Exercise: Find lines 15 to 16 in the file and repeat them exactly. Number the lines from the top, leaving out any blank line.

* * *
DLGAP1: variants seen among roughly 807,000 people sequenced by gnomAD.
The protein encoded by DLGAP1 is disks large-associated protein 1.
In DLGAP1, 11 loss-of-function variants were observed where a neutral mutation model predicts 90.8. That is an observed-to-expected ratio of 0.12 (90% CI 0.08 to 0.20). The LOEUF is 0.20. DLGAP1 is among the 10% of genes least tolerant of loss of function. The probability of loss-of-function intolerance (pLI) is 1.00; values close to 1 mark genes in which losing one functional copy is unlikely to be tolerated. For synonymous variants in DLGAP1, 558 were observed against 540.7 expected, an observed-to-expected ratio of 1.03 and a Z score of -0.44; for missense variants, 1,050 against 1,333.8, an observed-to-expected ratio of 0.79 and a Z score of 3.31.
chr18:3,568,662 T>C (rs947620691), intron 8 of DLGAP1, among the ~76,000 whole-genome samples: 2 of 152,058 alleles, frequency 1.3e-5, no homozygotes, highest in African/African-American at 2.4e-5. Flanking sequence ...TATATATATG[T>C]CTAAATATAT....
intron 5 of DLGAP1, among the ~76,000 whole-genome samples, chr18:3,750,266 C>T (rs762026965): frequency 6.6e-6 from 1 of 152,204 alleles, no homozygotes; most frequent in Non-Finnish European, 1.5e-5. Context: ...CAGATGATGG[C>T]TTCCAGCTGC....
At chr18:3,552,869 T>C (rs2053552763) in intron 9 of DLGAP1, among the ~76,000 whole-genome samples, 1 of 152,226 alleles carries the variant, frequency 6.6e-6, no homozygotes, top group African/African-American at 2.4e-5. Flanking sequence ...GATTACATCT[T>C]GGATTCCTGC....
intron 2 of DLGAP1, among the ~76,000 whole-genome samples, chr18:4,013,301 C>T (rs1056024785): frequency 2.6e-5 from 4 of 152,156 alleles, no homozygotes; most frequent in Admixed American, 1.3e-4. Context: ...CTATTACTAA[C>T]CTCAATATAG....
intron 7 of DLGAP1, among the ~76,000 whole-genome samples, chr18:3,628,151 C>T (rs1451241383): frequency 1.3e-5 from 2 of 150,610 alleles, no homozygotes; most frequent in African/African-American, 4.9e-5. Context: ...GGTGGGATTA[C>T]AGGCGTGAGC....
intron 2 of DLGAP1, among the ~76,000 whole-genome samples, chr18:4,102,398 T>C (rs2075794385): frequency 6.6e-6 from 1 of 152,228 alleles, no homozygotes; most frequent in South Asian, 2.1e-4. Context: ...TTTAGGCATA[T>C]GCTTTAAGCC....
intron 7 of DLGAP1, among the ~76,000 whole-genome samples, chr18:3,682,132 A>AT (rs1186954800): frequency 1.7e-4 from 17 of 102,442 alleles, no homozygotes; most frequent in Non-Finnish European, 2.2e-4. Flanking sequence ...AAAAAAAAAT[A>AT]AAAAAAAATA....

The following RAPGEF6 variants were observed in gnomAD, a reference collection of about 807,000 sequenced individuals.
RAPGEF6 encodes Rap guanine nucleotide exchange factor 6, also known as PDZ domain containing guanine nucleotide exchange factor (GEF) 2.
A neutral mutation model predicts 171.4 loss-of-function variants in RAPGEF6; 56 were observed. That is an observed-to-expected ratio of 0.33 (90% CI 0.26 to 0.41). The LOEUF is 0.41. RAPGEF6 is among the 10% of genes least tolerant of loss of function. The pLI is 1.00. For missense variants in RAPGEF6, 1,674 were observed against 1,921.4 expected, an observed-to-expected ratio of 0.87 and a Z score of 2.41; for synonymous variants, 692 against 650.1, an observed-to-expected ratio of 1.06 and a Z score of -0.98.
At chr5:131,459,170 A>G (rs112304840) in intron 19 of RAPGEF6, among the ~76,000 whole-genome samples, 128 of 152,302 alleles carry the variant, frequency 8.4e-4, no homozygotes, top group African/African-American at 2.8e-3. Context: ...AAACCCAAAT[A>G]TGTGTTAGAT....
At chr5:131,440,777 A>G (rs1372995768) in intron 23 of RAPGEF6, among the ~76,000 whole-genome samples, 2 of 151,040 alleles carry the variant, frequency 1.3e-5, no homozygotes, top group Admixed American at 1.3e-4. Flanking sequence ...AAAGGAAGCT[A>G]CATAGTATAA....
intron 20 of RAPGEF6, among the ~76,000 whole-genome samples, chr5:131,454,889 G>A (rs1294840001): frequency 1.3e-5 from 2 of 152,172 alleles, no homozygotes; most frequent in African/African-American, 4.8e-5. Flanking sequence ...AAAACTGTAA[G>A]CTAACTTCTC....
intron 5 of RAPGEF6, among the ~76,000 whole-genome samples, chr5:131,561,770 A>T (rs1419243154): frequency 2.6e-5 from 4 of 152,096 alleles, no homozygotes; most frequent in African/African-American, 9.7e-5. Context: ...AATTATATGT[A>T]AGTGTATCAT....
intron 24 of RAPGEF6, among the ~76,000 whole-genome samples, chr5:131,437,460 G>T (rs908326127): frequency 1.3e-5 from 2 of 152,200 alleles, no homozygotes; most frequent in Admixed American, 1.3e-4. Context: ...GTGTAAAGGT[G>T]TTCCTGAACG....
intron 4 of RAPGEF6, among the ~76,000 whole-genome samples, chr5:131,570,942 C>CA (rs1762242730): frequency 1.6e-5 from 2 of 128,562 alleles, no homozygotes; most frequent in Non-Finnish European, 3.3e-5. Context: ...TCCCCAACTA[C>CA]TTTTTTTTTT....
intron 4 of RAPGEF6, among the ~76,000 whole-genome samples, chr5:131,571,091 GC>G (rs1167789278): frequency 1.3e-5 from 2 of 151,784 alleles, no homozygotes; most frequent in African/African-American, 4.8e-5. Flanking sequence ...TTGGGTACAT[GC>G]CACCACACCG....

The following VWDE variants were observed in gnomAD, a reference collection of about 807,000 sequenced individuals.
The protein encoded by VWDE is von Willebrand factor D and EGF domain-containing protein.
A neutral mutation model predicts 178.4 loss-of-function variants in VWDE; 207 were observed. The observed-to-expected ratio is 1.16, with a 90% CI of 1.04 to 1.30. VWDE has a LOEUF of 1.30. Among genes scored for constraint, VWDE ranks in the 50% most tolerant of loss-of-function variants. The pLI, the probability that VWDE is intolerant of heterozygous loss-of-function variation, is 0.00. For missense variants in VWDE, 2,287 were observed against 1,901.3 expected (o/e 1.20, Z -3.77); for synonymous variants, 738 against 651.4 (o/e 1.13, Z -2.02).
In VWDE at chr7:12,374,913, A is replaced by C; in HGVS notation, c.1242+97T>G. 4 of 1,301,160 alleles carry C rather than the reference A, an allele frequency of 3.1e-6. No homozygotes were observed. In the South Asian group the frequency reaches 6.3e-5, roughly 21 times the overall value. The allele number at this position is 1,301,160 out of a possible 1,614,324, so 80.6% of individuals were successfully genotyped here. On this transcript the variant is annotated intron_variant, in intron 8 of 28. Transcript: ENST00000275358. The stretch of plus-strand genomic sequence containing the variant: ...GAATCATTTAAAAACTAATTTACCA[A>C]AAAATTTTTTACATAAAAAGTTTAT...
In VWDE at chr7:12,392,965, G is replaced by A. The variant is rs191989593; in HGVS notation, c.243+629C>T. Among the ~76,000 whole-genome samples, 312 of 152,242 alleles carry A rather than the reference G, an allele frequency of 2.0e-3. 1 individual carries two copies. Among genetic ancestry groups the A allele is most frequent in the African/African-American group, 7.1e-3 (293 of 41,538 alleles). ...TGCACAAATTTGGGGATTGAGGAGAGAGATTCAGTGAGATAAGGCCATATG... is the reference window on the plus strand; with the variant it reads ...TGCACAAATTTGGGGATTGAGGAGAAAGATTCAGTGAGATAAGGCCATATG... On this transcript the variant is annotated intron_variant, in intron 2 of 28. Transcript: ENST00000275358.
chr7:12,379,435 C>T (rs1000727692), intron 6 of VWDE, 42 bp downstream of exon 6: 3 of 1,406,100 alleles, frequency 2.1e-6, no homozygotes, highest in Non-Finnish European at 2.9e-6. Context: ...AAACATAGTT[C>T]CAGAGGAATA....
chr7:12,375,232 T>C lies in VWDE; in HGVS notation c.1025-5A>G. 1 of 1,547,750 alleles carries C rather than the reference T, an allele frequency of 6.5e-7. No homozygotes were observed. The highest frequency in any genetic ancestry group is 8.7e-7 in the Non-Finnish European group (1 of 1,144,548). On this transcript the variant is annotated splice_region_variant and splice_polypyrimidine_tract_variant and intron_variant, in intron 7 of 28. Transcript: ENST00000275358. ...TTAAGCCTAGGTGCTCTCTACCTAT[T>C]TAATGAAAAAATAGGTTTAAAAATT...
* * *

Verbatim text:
At chr5:131,440,777 A>G (rs1372995768) in intron 23 of RAPGEF6, among the ~76,000 whole-genome samples, 2 of 151,040 alleles carry the variant, frequency 1.3e-5, no homozygotes, top group Admixed American at 1.3e-4. Flanking sequence ...AAAGGAAGCT[A>G]CATAGTATAA....
intron 20 of RAPGEF6, among the ~76,000 whole-genome samples, chr5:131,454,889 G>A (rs1294840001): frequency 1.3e-5 from 2 of 152,172 alleles, no homozygotes; most frequent in African/African-American, 4.8e-5. Flanking sequence ...AAAACTGTAA[G>A]CTAACTTCTC....